avg pointed out the rate limiting code in vm_pageout_scan() during discussion about PR 187594. While it certainly can contribute to the problems discussed in that PR, a bigger problem is that it can allow the OOM killer to be triggered even though there is plenty of reclaimable memory available in the system. Any load that can consume enough pages within the polling interval to hit the v_free_min threshold (e.g. multiple 'dd if=/dev/zero of=/file/on/zfs') can make this happen.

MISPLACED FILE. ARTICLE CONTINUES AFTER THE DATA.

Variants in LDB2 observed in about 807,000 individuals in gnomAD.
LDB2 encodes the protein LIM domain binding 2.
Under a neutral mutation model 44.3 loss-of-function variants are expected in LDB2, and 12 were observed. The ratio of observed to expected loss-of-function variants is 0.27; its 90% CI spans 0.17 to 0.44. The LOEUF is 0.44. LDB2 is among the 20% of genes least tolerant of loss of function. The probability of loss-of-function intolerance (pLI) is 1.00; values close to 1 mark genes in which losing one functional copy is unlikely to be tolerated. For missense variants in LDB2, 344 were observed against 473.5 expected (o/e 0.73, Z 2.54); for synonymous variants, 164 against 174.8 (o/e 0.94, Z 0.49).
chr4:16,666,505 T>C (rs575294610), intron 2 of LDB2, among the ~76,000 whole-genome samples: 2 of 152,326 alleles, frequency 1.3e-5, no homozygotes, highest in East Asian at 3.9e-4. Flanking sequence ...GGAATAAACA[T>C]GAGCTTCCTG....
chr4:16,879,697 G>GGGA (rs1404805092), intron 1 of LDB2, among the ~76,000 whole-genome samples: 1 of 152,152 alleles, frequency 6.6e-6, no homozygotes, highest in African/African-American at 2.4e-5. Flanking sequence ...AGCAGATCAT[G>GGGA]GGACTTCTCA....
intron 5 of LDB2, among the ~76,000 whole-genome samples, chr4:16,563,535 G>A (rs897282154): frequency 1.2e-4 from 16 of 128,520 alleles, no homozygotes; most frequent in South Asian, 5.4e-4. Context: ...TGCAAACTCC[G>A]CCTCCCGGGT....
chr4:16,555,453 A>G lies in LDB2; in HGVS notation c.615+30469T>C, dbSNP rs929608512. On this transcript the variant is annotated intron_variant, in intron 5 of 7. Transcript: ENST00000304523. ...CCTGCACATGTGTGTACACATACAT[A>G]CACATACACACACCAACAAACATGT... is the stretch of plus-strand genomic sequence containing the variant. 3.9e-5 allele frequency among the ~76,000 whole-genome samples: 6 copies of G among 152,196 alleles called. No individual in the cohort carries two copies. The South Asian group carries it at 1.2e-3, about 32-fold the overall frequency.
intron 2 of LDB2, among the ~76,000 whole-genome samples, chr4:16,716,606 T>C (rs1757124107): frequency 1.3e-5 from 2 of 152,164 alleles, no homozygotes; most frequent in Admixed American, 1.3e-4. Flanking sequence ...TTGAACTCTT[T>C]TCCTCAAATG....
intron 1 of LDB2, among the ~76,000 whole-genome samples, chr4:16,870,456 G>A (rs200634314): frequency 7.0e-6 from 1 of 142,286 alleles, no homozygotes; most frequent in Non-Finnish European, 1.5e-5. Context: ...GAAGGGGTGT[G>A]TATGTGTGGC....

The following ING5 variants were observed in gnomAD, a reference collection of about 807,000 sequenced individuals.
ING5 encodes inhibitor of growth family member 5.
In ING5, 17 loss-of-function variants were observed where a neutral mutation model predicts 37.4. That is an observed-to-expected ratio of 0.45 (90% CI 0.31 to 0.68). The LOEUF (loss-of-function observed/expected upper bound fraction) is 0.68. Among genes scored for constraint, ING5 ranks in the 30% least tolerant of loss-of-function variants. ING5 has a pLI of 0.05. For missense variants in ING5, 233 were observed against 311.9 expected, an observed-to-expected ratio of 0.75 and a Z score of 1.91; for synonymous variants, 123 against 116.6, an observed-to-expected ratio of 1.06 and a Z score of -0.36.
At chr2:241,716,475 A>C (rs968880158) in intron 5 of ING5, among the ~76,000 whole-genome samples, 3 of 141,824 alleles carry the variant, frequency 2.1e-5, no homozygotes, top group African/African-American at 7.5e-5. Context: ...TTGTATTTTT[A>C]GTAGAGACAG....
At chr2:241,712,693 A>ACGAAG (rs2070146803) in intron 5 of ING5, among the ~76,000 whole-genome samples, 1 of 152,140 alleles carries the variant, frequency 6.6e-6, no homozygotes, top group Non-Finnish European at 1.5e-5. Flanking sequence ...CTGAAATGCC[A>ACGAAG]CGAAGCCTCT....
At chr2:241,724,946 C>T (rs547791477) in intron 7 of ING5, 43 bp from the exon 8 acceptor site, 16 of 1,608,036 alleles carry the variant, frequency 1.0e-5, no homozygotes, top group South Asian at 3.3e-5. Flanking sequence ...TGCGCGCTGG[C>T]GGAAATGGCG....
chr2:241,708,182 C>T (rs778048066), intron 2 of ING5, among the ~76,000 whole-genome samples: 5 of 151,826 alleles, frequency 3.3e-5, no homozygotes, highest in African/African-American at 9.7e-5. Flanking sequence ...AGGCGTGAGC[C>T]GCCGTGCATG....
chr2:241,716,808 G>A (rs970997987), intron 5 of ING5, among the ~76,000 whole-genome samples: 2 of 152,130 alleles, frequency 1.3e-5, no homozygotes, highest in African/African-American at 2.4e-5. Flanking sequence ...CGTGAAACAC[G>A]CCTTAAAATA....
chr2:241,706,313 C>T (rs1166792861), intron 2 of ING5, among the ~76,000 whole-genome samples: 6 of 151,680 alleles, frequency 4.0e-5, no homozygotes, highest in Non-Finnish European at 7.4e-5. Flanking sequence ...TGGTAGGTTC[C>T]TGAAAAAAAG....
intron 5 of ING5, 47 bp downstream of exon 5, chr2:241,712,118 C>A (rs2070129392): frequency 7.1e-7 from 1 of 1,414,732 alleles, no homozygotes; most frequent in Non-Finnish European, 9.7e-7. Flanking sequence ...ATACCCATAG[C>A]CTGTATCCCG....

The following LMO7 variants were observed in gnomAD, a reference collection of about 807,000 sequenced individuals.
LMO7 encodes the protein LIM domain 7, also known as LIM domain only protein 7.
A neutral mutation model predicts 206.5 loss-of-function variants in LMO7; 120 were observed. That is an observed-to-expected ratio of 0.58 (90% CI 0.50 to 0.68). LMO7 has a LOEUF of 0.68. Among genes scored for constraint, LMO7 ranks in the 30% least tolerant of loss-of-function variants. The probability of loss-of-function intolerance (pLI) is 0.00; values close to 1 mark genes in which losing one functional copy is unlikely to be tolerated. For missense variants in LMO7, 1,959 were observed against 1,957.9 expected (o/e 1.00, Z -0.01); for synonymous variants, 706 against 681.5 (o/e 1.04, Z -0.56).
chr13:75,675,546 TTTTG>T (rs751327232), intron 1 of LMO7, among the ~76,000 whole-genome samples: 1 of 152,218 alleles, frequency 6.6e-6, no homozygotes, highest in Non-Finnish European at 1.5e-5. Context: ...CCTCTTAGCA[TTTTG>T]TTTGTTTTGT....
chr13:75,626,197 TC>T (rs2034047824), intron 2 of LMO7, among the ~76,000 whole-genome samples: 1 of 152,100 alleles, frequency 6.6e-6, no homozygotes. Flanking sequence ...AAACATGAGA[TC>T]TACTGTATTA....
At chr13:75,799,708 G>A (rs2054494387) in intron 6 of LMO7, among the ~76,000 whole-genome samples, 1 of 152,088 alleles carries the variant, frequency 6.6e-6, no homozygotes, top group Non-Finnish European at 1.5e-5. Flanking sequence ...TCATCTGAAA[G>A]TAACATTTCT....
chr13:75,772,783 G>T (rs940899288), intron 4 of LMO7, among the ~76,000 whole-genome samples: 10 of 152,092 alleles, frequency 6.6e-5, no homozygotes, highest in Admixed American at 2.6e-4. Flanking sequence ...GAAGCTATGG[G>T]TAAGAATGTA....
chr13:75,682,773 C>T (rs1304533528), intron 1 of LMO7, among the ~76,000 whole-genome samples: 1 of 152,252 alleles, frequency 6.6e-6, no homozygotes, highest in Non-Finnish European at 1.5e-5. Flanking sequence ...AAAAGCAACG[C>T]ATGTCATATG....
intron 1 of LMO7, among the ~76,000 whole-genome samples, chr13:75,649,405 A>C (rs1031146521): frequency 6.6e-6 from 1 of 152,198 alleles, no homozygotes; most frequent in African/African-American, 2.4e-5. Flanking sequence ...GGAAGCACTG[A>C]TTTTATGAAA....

The product I’m working on does not have swap configured and treats any OOM trigger as fatal, so it is very obvious when this happens. :-) I’ve tried several things to mitigate the problem. The first was to ignore rate limiting for pass 2. However, even though ZFS is guaranteed to receive some feedback prior to OOM being declared, my testing showed that a trivial load (a couple dd operations) could still consume enough of the reclaimed space to leave the system below its target at the end of pass 2. After removing the rate limiting entirely, I’ve so far been unable to kill the system via a ZFS induced load. I understand the motivation behind the rate limiting, but the current implementation seems too simplistic to be safe. The documentation for the Solaris slab allocator provides good motivation for their approach of using a “sliding average” to reign in temporary bursts of usage without unduly harming efficient service for the recorded steady-state memory demand. Regardless of the approach taken, I believe that the OOM killer must be a last resort and shouldn’t be called when there are caches that can be culled. One other thing I’ve noticed in my testing with ZFS is that it needs feedback and a little time to react to memory pressure. Calling it’s lowmem handler just once isn’t enough for it to limit in-flight writes so it can avoid reuse of pages that it just freed up. But, it doesn’t take too long to react (> 1sec in the profiling I’ve done). Is there a way in vm_pageout_scan() that we can better record that progress is being made (pages were freed in the pass, even if some/all of them were consumed again) and allow more passes before the OOM killer is invoked in this case? — Justin _______________________________________________ firstname.lastname@example.org mailing list http://lists.freebsd.org/mailman/listinfo/freebsd-current To unsubscribe, send any mail to "freebsd-current-unsubscr...@freebsd.org"